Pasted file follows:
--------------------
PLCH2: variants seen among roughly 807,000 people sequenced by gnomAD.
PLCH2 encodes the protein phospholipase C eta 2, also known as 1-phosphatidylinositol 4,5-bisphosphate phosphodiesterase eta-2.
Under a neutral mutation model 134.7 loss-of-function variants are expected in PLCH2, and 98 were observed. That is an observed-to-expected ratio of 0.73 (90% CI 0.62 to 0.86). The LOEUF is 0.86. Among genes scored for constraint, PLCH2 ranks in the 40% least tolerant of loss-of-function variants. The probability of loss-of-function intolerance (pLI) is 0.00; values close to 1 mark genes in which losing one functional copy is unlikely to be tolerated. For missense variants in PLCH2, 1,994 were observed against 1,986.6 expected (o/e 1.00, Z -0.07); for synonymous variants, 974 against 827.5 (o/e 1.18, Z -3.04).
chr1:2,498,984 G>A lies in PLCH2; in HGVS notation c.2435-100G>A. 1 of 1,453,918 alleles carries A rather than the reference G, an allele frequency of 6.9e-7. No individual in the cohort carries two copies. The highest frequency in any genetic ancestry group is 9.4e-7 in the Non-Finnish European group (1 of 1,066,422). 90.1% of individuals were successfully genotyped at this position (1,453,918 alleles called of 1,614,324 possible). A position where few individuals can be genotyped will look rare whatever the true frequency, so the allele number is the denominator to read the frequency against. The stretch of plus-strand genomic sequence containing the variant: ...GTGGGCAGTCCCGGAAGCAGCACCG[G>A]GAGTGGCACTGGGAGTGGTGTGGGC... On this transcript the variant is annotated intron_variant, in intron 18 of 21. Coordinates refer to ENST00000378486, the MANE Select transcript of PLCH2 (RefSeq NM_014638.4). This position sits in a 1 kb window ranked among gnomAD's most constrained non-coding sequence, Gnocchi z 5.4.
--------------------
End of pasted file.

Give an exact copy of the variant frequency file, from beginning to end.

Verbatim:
PLCH2: variants seen among roughly 807,000 people sequenced by gnomAD.
PLCH2 encodes the protein phospholipase C eta 2, also known as 1-phosphatidylinositol 4,5-bisphosphate phosphodiesterase eta-2.
Under a neutral mutation model 134.7 loss-of-function variants are expected in PLCH2, and 98 were observed. That is an observed-to-expected ratio of 0.73 (90% CI 0.62 to 0.86). The LOEUF is 0.86. Among genes scored for constraint, PLCH2 ranks in the 40% least tolerant of loss-of-function variants. The probability of loss-of-function intolerance (pLI) is 0.00; values close to 1 mark genes in which losing one functional copy is unlikely to be tolerated. For missense variants in PLCH2, 1,994 were observed against 1,986.6 expected (o/e 1.00, Z -0.07); for synonymous variants, 974 against 827.5 (o/e 1.18, Z -3.04).
chr1:2,498,984 G>A lies in PLCH2; in HGVS notation c.2435-100G>A. 1 of 1,453,918 alleles carries A rather than the reference G, an allele frequency of 6.9e-7. No individual in the cohort carries two copies. The highest frequency in any genetic ancestry group is 9.4e-7 in the Non-Finnish European group (1 of 1,066,422). 90.1% of individuals were successfully genotyped at this position (1,453,918 alleles called of 1,614,324 possible). A position where few individuals can be genotyped will look rare whatever the true frequency, so the allele number is the denominator to read the frequency against. The stretch of plus-strand genomic sequence containing the variant: ...GTGGGCAGTCCCGGAAGCAGCACCG[G>A]GAGTGGCACTGGGAGTGGTGTGGGC... On this transcript the variant is annotated intron_variant, in intron 18 of 21. Coordinates refer to ENST00000378486, the MANE Select transcript of PLCH2 (RefSeq NM_014638.4). This position sits in a 1 kb window ranked among gnomAD's most constrained non-coding sequence, Gnocchi z 5.4.